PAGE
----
It had to happen sooner or later, a superhero movie that’s female-centric. “Birds of Prey” is that, but in the same manner as “Suicide Squad,” it goes its own way in using the DC Comics universe as a springboard.
Also like that film, this one — subtitled “And the Fantabulous Emancipation of One Harley Quinn” — indeed makes Harley a pivotal character, as played again by recent Oscar nominee Margot Robbie (who’s also a producer this time). The lively, self-styled Harley has consciously uncoupled from The Joker, making her a supposedly easier target for enemies. She knows she’ll need some help to stay alive, so she enlists such allies as Black Canary and The Huntress, and it doesn’t take long for the mayhem between groups and genders to start flying.
That’s really what “Birds of Prey” is, a parade of frantic and sometimes quite graphic action. There are some stabs at wit, which you’d have to expect from Robbie playing this character again, but the picture largely wants to play it safe while showing that women can be tough, too — something the Marvel movies started doing some time ago.
Some other good performers put their best feet and fists forward here, including Mary Elizabeth Winstead (as The Huntress), Jurnee Smollett-Bell (as Black Canary), Rosie Perez (as a Gotham detective), Ewan McGregor (as the piece’s main villain) and Chris Messina (as the latter’s henchman). There’s fun to be had in seeing them bring their talents to this world, even if none of them does anything that could be deemed iconic in the way that makes you eager to see more.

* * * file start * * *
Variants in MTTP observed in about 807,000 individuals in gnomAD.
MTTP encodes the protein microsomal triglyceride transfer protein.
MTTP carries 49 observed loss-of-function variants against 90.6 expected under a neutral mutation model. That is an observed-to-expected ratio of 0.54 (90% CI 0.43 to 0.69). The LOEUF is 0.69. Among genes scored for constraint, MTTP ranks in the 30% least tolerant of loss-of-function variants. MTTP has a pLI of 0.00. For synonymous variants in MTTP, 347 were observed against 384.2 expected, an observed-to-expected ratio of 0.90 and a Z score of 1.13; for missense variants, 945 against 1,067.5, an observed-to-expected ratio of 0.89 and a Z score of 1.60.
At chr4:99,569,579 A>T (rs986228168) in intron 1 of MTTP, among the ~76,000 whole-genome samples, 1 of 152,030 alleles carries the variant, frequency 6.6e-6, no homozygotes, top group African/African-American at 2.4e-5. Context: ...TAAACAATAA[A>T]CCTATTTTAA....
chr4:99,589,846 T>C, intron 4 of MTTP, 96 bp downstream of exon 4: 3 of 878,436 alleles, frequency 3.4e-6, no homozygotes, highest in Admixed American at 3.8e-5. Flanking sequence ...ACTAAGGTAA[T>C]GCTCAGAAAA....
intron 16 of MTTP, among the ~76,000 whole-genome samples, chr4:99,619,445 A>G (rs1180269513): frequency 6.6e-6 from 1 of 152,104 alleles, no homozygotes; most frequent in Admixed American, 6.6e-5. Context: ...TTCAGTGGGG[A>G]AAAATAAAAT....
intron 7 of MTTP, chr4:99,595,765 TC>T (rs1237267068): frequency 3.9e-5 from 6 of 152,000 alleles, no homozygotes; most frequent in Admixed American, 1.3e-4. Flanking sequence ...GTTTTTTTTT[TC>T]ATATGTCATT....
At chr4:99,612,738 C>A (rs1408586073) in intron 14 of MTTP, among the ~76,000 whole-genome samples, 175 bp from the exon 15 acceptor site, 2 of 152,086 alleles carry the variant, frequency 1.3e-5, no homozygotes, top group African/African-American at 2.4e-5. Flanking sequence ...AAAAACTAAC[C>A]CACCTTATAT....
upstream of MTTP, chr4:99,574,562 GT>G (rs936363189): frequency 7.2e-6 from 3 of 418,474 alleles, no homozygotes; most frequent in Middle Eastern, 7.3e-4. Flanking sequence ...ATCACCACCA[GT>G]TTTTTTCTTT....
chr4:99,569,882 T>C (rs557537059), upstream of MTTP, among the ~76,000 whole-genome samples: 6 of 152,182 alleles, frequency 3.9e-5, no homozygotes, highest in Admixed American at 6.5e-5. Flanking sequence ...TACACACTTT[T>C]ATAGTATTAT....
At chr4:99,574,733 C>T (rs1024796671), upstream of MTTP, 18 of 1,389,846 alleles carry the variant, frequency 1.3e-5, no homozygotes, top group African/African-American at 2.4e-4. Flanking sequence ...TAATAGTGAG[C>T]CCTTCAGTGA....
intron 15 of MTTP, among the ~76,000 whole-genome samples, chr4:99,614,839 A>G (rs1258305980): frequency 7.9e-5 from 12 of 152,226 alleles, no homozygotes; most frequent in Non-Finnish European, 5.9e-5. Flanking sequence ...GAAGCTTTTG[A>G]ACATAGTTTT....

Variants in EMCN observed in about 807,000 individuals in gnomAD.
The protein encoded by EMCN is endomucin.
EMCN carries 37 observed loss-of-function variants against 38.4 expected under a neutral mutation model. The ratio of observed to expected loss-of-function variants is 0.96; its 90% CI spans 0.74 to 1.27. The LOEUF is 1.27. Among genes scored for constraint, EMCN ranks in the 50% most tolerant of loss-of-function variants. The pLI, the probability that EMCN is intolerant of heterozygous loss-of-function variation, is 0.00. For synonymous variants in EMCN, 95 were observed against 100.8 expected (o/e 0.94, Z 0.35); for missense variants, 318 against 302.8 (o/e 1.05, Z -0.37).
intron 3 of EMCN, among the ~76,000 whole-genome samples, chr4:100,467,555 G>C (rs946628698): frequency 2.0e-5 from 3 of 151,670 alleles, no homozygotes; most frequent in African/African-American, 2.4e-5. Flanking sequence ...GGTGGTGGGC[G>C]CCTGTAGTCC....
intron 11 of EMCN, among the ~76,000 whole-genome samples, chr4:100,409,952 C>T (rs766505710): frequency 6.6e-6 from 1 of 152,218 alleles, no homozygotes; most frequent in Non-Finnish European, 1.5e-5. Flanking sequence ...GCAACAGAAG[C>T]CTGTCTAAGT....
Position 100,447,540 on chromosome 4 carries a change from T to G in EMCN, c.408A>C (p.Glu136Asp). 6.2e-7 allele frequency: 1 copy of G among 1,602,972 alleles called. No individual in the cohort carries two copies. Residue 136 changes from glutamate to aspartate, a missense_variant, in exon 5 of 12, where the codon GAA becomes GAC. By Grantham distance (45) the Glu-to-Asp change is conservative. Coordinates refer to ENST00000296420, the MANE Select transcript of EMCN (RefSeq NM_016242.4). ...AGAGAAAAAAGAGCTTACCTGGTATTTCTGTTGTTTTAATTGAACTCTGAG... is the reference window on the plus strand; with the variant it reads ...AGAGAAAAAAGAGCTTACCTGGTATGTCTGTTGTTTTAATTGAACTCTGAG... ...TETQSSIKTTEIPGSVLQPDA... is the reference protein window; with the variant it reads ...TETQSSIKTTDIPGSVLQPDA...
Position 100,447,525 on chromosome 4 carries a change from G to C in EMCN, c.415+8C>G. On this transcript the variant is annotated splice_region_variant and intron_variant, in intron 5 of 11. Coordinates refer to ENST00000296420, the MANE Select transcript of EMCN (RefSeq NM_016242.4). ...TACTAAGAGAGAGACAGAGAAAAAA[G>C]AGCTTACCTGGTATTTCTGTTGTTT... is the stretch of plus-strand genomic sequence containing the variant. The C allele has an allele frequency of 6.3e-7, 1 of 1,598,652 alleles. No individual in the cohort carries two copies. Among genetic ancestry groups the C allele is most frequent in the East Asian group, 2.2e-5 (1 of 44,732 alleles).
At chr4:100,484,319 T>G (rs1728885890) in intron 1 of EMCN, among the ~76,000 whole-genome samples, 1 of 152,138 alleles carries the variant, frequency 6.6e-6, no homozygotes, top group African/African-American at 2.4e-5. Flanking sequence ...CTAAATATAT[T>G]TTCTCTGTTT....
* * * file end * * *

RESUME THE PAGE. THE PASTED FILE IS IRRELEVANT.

There actually is a specific plot to “Birds of Prey,” involving a priceless jewel that someone has swallowed for safekeeping, but that doesn’t prevent others from still wanting it. Retrieving it could get a bit complicated, and that’s part of where the movie ventures into “R”-rated territory, turf that the DC-based films rarely have gone onto. It may serve the immediate purposes, but it isn’t a story that will stay with you.
It’s nice that Margot Robbie got another, more prominent shot as Harley Quinn, but “Birds of Prey” leaves the impression (not countered by its performance at the box office) that the anti-heroine’s second movie also is the last one.